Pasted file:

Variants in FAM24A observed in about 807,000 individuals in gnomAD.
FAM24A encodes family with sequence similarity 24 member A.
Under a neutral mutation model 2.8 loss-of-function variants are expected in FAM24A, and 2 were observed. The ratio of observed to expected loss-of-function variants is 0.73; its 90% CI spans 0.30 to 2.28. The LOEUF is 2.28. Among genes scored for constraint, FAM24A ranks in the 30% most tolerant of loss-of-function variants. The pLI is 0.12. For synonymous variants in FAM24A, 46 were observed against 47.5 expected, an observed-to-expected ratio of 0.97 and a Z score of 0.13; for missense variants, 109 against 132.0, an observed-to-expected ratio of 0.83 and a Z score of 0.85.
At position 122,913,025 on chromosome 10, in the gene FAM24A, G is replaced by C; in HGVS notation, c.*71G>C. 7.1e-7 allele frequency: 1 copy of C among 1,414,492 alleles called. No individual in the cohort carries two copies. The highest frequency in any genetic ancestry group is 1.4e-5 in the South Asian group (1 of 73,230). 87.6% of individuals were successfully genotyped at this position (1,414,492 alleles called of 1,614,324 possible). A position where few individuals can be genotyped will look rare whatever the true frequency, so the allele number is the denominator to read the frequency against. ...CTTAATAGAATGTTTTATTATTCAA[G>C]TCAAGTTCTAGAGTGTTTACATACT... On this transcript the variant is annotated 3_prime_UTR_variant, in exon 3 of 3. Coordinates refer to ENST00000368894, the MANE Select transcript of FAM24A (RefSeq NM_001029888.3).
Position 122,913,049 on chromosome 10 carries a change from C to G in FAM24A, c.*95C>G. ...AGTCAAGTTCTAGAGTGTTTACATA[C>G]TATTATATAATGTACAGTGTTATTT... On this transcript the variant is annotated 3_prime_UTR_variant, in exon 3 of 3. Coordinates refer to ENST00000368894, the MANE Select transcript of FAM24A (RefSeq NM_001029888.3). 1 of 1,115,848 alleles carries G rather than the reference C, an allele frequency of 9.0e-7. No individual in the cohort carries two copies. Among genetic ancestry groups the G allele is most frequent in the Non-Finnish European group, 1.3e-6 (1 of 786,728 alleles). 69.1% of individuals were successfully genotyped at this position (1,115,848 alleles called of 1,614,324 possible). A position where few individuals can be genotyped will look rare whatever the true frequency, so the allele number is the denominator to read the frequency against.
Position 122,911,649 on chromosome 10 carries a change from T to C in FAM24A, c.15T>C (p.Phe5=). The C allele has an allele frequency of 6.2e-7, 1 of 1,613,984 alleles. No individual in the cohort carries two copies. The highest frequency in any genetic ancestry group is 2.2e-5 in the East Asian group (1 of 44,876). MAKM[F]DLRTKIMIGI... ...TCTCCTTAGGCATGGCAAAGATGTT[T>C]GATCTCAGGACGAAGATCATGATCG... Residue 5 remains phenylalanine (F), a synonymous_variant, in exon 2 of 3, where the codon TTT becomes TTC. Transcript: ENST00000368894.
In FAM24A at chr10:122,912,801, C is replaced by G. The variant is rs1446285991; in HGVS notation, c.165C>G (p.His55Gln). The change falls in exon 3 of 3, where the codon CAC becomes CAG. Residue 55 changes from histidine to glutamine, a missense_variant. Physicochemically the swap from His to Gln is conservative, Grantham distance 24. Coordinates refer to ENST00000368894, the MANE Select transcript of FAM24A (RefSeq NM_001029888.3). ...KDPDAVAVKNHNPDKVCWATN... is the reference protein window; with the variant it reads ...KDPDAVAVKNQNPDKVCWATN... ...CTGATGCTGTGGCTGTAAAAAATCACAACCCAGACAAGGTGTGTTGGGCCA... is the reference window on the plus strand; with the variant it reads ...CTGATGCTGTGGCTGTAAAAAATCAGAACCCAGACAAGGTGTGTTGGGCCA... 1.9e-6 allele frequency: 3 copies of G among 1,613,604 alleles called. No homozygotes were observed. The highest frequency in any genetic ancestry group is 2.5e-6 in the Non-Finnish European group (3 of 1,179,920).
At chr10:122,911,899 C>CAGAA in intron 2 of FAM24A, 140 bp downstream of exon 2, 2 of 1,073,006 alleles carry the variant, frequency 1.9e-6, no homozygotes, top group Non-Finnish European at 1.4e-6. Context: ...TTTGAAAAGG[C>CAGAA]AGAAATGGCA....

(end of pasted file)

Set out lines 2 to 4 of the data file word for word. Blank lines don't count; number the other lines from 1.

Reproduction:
FAM24A encodes family with sequence similarity 24 member A.
Under a neutral mutation model 2.8 loss-of-function variants are expected in FAM24A, and 2 were observed. The ratio of observed to expected loss-of-function variants is 0.73; its 90% CI spans 0.30 to 2.28. The LOEUF is 2.28. Among genes scored for constraint, FAM24A ranks in the 30% most tolerant of loss-of-function variants. The pLI is 0.12. For synonymous variants in FAM24A, 46 were observed against 47.5 expected, an observed-to-expected ratio of 0.97 and a Z score of 0.13; for missense variants, 109 against 132.0, an observed-to-expected ratio of 0.83 and a Z score of 0.85.
At position 122,913,025 on chromosome 10, in the gene FAM24A, G is replaced by C; in HGVS notation, c.*71G>C. 7.1e-7 allele frequency: 1 copy of C among 1,414,492 alleles called. No individual in the cohort carries two copies. The highest frequency in any genetic ancestry group is 1.4e-5 in the South Asian group (1 of 73,230). 87.6% of individuals were successfully genotyped at this position (1,414,492 alleles called of 1,614,324 possible). A position where few individuals can be genotyped will look rare whatever the true frequency, so the allele number is the denominator to read the frequency against. ...CTTAATAGAATGTTTTATTATTCAA[G>C]TCAAGTTCTAGAGTGTTTACATACT... On this transcript the variant is annotated 3_prime_UTR_variant, in exon 3 of 3. Coordinates refer to ENST00000368894, the MANE Select transcript of FAM24A (RefSeq NM_001029888.3).